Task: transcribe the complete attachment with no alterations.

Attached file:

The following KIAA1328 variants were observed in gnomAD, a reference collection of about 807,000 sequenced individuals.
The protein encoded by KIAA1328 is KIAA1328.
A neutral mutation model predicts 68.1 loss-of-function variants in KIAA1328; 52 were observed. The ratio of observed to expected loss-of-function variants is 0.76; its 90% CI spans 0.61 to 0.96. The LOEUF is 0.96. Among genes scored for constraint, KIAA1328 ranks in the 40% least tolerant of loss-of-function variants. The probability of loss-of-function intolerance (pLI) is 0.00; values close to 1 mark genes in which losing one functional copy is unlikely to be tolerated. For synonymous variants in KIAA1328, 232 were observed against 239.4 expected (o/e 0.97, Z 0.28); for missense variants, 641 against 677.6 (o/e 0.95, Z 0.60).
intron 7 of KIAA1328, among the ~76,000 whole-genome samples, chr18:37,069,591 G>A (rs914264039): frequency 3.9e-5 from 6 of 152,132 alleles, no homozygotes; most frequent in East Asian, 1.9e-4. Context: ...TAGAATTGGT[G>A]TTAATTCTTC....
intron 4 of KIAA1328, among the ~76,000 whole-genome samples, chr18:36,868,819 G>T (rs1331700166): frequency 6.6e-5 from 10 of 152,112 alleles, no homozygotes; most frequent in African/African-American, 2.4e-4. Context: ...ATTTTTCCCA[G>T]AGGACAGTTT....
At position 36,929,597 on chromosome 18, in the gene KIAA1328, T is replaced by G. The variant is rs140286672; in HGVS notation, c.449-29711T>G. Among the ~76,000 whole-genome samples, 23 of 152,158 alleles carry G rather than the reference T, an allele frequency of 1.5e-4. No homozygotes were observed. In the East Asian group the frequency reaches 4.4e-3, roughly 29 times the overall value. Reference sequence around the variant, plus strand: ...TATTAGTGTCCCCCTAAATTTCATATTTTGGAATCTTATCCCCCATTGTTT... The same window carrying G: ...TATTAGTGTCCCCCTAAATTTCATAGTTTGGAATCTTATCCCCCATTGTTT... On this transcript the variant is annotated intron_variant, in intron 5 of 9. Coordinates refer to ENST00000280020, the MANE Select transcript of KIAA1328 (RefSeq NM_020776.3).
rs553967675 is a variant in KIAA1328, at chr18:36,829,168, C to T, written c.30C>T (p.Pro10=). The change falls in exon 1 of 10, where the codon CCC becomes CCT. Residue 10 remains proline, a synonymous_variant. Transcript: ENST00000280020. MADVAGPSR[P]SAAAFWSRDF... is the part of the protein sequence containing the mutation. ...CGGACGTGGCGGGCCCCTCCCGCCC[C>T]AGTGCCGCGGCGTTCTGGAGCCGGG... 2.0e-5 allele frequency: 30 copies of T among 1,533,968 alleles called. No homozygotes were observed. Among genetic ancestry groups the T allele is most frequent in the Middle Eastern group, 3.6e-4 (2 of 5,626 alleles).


The following KIAA1328 variants were observed in gnomAD, a reference collection of about 807,000 sequenced individuals.
The protein encoded by KIAA1328 is KIAA1328.
A neutral mutation model predicts 68.1 loss-of-function variants in KIAA1328; 52 were observed. The ratio of observed to expected loss-of-function variants is 0.76; its 90% CI spans 0.61 to 0.96. The LOEUF is 0.96. Among genes scored for constraint, KIAA1328 ranks in the 40% least tolerant of loss-of-function variants. The probability of loss-of-function intolerance (pLI) is 0.00; values close to 1 mark genes in which losing one functional copy is unlikely to be tolerated. For synonymous variants in KIAA1328, 232 were observed against 239.4 expected (o/e 0.97, Z 0.28); for missense variants, 641 against 677.6 (o/e 0.95, Z 0.60).
intron 7 of KIAA1328, among the ~76,000 whole-genome samples, chr18:37,069,591 G>A (rs914264039): frequency 3.9e-5 from 6 of 152,132 alleles, no homozygotes; most frequent in East Asian, 1.9e-4. Context: ...TAGAATTGGT[G>A]TTAATTCTTC....
intron 4 of KIAA1328, among the ~76,000 whole-genome samples, chr18:36,868,819 G>T (rs1331700166): frequency 6.6e-5 from 10 of 152,112 alleles, no homozygotes; most frequent in African/African-American, 2.4e-4. Context: ...ATTTTTCCCA[G>T]AGGACAGTTT....
At position 36,929,597 on chromosome 18, in the gene KIAA1328, T is replaced by G. The variant is rs140286672; in HGVS notation, c.449-29711T>G. Among the ~76,000 whole-genome samples, 23 of 152,158 alleles carry G rather than the reference T, an allele frequency of 1.5e-4. No homozygotes were observed. In the East Asian group the frequency reaches 4.4e-3, roughly 29 times the overall value. Reference sequence around the variant, plus strand: ...TATTAGTGTCCCCCTAAATTTCATATTTTGGAATCTTATCCCCCATTGTTT... The same window carrying G: ...TATTAGTGTCCCCCTAAATTTCATAGTTTGGAATCTTATCCCCCATTGTTT... On this transcript the variant is annotated intron_variant, in intron 5 of 9. Coordinates refer to ENST00000280020, the MANE Select transcript of KIAA1328 (RefSeq NM_020776.3).
rs553967675 is a variant in KIAA1328, at chr18:36,829,168, C to T, written c.30C>T (p.Pro10=). The change falls in exon 1 of 10, where the codon CCC becomes CCT. Residue 10 remains proline, a synonymous_variant. Transcript: ENST00000280020. MADVAGPSR[P]SAAAFWSRDF... is the part of the protein sequence containing the mutation. ...CGGACGTGGCGGGCCCCTCCCGCCC[C>T]AGTGCCGCGGCGTTCTGGAGCCGGG... 2.0e-5 allele frequency: 30 copies of T among 1,533,968 alleles called. No homozygotes were observed. Among genetic ancestry groups the T allele is most frequent in the Middle Eastern group, 3.6e-4 (2 of 5,626 alleles).